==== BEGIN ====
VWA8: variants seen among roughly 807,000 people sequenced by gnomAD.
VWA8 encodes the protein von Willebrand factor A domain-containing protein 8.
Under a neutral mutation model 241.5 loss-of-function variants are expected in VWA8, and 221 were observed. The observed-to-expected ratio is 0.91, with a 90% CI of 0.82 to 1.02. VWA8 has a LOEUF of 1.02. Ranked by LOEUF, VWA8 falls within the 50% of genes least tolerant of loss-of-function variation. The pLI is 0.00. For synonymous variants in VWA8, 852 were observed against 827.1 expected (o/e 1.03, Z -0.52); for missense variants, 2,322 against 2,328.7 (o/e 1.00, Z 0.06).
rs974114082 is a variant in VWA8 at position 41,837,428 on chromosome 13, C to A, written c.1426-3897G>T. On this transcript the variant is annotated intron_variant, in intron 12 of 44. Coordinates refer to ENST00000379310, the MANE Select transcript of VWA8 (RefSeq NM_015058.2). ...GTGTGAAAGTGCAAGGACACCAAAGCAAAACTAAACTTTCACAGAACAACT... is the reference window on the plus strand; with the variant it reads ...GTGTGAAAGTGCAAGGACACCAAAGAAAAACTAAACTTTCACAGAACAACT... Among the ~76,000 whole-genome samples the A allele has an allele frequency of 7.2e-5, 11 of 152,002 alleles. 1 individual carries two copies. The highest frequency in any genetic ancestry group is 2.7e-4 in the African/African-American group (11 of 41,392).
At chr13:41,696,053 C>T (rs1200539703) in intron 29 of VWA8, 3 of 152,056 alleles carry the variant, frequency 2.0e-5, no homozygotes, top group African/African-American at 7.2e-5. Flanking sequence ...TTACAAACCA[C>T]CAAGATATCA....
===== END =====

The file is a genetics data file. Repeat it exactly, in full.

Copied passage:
VWA8: variants seen among roughly 807,000 people sequenced by gnomAD.
VWA8 encodes the protein von Willebrand factor A domain-containing protein 8.
Under a neutral mutation model 241.5 loss-of-function variants are expected in VWA8, and 221 were observed. The observed-to-expected ratio is 0.91, with a 90% CI of 0.82 to 1.02. VWA8 has a LOEUF of 1.02. Ranked by LOEUF, VWA8 falls within the 50% of genes least tolerant of loss-of-function variation. The pLI is 0.00. For synonymous variants in VWA8, 852 were observed against 827.1 expected (o/e 1.03, Z -0.52); for missense variants, 2,322 against 2,328.7 (o/e 1.00, Z 0.06).
rs974114082 is a variant in VWA8 at position 41,837,428 on chromosome 13, C to A, written c.1426-3897G>T. On this transcript the variant is annotated intron_variant, in intron 12 of 44. Coordinates refer to ENST00000379310, the MANE Select transcript of VWA8 (RefSeq NM_015058.2). ...GTGTGAAAGTGCAAGGACACCAAAGCAAAACTAAACTTTCACAGAACAACT... is the reference window on the plus strand; with the variant it reads ...GTGTGAAAGTGCAAGGACACCAAAGAAAAACTAAACTTTCACAGAACAACT... Among the ~76,000 whole-genome samples the A allele has an allele frequency of 7.2e-5, 11 of 152,002 alleles. 1 individual carries two copies. The highest frequency in any genetic ancestry group is 2.7e-4 in the African/African-American group (11 of 41,392).
At chr13:41,696,053 C>T (rs1200539703) in intron 29 of VWA8, 3 of 152,056 alleles carry the variant, frequency 2.0e-5, no homozygotes, top group African/African-American at 7.2e-5. Flanking sequence ...TTACAAACCA[C>T]CAAGATATCA....